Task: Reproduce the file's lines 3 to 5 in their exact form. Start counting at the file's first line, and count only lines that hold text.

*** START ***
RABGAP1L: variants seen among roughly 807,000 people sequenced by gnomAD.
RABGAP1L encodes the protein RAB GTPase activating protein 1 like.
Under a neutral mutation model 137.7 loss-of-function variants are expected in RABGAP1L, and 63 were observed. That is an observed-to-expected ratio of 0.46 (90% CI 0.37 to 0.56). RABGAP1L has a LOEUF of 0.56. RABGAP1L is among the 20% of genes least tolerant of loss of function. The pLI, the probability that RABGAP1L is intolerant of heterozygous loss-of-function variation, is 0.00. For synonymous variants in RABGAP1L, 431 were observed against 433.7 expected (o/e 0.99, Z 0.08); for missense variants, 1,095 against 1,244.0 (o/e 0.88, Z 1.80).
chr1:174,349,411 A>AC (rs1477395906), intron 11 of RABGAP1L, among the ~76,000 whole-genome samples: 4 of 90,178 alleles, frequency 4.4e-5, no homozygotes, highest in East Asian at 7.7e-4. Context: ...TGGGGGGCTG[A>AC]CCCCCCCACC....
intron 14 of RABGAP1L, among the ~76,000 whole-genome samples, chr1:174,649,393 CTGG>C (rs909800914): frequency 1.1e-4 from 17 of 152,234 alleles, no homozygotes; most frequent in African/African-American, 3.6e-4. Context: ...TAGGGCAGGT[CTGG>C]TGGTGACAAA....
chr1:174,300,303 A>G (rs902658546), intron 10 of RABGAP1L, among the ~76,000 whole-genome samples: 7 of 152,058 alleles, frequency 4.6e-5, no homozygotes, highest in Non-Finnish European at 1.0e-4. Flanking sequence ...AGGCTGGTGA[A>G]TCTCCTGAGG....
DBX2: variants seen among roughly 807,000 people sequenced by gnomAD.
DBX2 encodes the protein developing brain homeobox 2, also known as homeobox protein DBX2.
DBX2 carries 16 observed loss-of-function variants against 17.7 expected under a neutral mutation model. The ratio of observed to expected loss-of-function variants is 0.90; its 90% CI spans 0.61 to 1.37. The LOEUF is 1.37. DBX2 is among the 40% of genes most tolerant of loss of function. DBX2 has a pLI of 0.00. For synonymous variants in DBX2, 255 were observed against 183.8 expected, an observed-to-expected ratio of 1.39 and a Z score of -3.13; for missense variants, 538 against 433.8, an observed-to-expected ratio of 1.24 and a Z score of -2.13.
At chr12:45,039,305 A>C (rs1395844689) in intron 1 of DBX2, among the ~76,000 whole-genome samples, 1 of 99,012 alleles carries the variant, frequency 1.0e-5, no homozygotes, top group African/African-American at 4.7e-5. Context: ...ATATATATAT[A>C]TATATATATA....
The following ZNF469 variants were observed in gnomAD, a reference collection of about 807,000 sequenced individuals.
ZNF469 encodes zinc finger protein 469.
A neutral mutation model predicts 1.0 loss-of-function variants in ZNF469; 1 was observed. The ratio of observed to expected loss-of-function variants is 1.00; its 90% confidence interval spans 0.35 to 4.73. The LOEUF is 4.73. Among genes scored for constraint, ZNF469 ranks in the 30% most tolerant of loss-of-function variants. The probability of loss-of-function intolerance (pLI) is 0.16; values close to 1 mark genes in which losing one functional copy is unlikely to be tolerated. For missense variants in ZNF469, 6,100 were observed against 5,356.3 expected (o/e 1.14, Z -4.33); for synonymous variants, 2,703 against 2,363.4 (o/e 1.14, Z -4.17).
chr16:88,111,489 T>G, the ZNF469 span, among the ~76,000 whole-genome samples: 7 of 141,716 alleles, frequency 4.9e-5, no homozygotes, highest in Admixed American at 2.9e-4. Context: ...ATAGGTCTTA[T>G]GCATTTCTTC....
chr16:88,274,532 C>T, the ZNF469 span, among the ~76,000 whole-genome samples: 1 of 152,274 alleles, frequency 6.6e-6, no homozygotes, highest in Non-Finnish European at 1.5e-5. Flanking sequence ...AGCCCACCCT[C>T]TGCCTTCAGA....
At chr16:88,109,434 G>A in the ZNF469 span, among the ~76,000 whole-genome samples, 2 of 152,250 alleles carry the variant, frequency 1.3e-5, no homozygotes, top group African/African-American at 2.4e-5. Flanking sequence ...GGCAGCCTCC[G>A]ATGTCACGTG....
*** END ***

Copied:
Under a neutral mutation model 137.7 loss-of-function variants are expected in RABGAP1L, and 63 were observed. That is an observed-to-expected ratio of 0.46 (90% CI 0.37 to 0.56). RABGAP1L has a LOEUF of 0.56. RABGAP1L is among the 20% of genes least tolerant of loss of function. The pLI, the probability that RABGAP1L is intolerant of heterozygous loss-of-function variation, is 0.00. For synonymous variants in RABGAP1L, 431 were observed against 433.7 expected (o/e 0.99, Z 0.08); for missense variants, 1,095 against 1,244.0 (o/e 0.88, Z 1.80).
chr1:174,349,411 A>AC (rs1477395906), intron 11 of RABGAP1L, among the ~76,000 whole-genome samples: 4 of 90,178 alleles, frequency 4.4e-5, no homozygotes, highest in East Asian at 7.7e-4. Context: ...TGGGGGGCTG[A>AC]CCCCCCCACC....
intron 14 of RABGAP1L, among the ~76,000 whole-genome samples, chr1:174,649,393 CTGG>C (rs909800914): frequency 1.1e-4 from 17 of 152,234 alleles, no homozygotes; most frequent in African/African-American, 3.6e-4. Context: ...TAGGGCAGGT[CTGG>C]TGGTGACAAA....